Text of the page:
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Sanders Campaign Bets on Michigan

The Wall Street Journal. logo The Wall Street Journal. 3/8/2020 Eliza Collins
a man holding a glass of wine © Brian Cahn/Zuma Press

DETROIT—The future of Bernie Sanders’s political campaign could come down to Michigan, and the Vermont senator is going all in.

Mr. Sanders’s once-solid position as the front-runner dissolved in the past week after Vice President Joe Biden consolidated the moderate wing of the Democratic Party behind him and romped through South Carolina and the March 3 Super Tuesday states.

To reinvigorate his campaign—his second run for the Democratic presidential nomination—Mr. Sanders is barnstorming Michigan and calling in prominent progressives including the Rev. Jesse L. Jackson Sr., Rep. Alexandria Ocasio-Cortez of New York and Rep. Rashida Tlaib of Michigan to rally young, working-class and minority voters.

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“I’m feeling good about the momentum we have,” Mr. Sanders said on Fox News Sunday.

Mr. Sanders overtook the former vice president in national polling in early February and proceeded to effectively tie in Iowa and win solidly in New Hampshire and Nevada. But Mr. Biden pulled out a 28-point victory in South Carolina on Feb. 29 in large part because of overwhelming support among the state’s black voters. Then last Tuesday, he beat Mr. Sanders in 10 of 14 states after receiving endorsements from two erstwhile rivals: former South Bend, Ind., Mayor Pete Buttigieg and Minnesota Sen. Amy Klobuchar. On Sunday, California Sen. Kamala Harris said she too was backing Mr. Biden and would campaign with him in Michigan on Monday.

Winning Michigan and a significant chunk of its total 125 delegates on Tuesday would help keep Mr. Sanders competitive, but should he lose, his path to the nomination narrows significantly. The Vermont senator also needs a resounding victory to back up his case that he alone can build a coalition to win general-election battleground states, like Michigan, that Mr. Trump won in 2016. So far, it is Mr. Biden who has expanded the Democratic electorate, vote results and exit polls have shown.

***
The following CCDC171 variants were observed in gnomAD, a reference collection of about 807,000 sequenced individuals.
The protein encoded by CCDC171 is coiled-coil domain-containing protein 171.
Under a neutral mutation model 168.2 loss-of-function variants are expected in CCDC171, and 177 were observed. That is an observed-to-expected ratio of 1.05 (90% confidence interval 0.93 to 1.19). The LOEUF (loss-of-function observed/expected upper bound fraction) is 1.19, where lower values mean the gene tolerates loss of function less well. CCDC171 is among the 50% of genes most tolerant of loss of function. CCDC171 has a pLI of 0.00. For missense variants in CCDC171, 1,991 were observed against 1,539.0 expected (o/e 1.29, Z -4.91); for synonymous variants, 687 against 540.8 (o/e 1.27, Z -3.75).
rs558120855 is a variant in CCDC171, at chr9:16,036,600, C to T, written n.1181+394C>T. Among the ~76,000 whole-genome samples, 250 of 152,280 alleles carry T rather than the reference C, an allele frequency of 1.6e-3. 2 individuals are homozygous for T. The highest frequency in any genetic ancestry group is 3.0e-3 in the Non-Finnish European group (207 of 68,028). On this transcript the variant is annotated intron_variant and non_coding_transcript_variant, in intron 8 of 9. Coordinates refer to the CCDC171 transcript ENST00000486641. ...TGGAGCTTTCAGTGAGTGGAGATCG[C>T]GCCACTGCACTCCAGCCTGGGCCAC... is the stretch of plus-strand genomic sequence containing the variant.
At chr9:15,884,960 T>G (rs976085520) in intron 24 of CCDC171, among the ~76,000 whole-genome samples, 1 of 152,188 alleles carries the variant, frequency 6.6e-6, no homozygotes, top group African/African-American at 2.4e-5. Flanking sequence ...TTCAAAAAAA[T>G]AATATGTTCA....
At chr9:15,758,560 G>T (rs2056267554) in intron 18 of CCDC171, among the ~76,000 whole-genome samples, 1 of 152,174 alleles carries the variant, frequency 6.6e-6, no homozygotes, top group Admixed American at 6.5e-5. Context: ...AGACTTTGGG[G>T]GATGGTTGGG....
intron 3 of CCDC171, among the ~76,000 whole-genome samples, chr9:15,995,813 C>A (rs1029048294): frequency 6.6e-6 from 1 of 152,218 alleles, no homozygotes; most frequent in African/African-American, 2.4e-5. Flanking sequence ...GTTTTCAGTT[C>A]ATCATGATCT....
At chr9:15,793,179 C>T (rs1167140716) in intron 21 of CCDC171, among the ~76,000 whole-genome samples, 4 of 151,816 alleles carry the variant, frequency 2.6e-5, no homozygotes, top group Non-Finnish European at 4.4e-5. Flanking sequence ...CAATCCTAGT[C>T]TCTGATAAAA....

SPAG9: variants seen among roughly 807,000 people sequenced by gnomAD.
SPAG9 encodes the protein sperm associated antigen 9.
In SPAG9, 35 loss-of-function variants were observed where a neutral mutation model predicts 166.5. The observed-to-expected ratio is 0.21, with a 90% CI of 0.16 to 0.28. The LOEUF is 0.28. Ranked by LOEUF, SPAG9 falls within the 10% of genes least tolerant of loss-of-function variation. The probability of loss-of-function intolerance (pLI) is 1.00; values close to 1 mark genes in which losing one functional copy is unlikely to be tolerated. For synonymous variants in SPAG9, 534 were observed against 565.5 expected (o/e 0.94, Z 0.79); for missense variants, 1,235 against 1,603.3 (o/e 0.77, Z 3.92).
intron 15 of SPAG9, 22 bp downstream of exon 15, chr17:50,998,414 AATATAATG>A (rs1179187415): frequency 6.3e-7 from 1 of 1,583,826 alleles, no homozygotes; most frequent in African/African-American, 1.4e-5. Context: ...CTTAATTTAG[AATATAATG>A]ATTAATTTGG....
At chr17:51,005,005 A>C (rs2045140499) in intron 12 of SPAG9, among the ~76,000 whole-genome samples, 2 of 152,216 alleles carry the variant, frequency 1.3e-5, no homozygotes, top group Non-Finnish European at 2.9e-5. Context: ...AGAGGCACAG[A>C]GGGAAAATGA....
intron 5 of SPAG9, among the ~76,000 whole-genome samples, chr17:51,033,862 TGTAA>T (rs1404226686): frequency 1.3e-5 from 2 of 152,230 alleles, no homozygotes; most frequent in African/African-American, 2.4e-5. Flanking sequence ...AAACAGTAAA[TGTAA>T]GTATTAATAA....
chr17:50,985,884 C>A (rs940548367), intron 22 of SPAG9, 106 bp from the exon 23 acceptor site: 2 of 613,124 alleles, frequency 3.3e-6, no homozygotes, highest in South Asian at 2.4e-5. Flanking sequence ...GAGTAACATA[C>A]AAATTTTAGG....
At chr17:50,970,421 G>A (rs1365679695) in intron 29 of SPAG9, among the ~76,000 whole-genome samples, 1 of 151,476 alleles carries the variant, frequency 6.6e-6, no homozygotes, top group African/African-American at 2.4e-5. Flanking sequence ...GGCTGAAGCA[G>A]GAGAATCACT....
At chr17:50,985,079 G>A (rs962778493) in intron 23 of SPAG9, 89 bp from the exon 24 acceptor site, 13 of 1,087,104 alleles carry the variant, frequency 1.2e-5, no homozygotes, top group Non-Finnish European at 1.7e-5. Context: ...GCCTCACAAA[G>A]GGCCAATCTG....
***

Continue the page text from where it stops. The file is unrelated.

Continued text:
Mr. Sanders said on Fox News Sunday that he “certainly would not consider dropping out” if he loses in Michigan on Tuesday.

In 2016, Mr. Sanders pulled off a surprise victory here against Hillary Clinton, and polling shows this year’s race is competitive.

On Thursday, Mr. Sanders’s aides rewrote his schedule and canceled a visit to Mississippi, which also votes March 10, and added more events in Michigan.

The campaign also dispatched top aides to Michigan at the end of last week, including those who led his Iowa operation, putting a total of 25 paid staff on the ground for the final stretch, according to aides to the campaign.

“We’re very proud of the fact that we have strong support from the African-American community, the Muslim community, in Michigan and in every state in the country,” Mr. Sanders told reporters in Burlington, Vt., earlier this week.

Saturday morning Mr. Sanders held a rally with a diverse crowd in Dearborn, Mich., a city with a large Arab-American population.

But that evening, Mr. Sanders scrapped a planned speech intended to make his case to black voters in Flint, Mich., after discussing it with local black activists, his spokesman said.